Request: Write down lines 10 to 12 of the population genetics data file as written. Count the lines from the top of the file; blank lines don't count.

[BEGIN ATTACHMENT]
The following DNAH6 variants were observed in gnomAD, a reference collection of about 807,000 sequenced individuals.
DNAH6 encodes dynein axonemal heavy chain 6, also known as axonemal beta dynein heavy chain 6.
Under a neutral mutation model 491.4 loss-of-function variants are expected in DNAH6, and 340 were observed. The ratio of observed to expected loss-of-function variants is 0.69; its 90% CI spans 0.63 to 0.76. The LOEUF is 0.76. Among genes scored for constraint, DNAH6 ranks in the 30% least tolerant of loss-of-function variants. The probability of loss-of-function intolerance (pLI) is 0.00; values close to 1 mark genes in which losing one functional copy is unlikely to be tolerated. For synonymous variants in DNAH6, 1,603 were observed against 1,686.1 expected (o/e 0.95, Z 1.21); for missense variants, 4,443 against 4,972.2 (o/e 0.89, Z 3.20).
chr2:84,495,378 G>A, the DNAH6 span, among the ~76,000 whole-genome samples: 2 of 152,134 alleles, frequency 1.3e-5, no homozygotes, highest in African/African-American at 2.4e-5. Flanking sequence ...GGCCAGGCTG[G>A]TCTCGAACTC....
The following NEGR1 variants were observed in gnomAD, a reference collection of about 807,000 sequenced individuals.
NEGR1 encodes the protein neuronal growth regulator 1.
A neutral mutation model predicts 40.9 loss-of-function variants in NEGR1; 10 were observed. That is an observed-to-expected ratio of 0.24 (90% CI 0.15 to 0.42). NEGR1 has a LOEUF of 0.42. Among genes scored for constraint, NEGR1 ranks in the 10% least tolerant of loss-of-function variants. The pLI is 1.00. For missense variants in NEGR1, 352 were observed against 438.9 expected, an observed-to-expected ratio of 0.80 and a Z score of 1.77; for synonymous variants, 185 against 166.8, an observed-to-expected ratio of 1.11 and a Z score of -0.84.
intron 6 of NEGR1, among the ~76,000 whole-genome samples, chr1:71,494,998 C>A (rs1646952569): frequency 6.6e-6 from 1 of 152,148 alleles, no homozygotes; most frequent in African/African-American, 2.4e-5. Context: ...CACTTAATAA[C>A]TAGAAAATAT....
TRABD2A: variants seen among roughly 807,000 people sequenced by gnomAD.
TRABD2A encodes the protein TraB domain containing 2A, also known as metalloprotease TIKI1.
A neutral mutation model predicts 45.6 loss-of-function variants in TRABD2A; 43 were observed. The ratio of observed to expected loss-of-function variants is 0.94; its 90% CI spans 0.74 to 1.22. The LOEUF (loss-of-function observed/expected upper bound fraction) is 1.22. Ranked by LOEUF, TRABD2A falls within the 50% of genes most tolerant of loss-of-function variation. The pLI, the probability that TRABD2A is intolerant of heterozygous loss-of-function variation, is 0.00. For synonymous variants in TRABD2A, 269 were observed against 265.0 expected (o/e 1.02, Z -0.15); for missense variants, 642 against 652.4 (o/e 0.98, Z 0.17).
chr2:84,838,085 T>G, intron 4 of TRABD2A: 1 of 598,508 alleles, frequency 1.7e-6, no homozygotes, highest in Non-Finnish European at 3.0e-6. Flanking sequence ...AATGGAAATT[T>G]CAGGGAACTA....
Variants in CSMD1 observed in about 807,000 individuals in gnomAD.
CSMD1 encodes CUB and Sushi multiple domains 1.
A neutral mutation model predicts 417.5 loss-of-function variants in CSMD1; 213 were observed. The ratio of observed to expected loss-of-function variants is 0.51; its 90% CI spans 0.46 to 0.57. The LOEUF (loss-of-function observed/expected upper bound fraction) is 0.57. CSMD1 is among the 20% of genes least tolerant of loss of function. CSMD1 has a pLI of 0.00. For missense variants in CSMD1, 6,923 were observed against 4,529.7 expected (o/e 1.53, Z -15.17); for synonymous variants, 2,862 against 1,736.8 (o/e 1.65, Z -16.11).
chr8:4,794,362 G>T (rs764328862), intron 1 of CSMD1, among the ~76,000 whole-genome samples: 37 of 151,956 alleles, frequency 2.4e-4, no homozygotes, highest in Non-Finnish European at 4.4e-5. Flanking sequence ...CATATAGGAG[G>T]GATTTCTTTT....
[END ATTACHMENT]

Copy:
TRABD2A encodes the protein TraB domain containing 2A, also known as metalloprotease TIKI1.
A neutral mutation model predicts 45.6 loss-of-function variants in TRABD2A; 43 were observed. The ratio of observed to expected loss-of-function variants is 0.94; its 90% CI spans 0.74 to 1.22. The LOEUF (loss-of-function observed/expected upper bound fraction) is 1.22. Ranked by LOEUF, TRABD2A falls within the 50% of genes most tolerant of loss-of-function variation. The pLI, the probability that TRABD2A is intolerant of heterozygous loss-of-function variation, is 0.00. For synonymous variants in TRABD2A, 269 were observed against 265.0 expected (o/e 1.02, Z -0.15); for missense variants, 642 against 652.4 (o/e 0.98, Z 0.17).
chr2:84,838,085 T>G, intron 4 of TRABD2A: 1 of 598,508 alleles, frequency 1.7e-6, no homozygotes, highest in Non-Finnish European at 3.0e-6. Flanking sequence ...AATGGAAATT[T>G]CAGGGAACTA....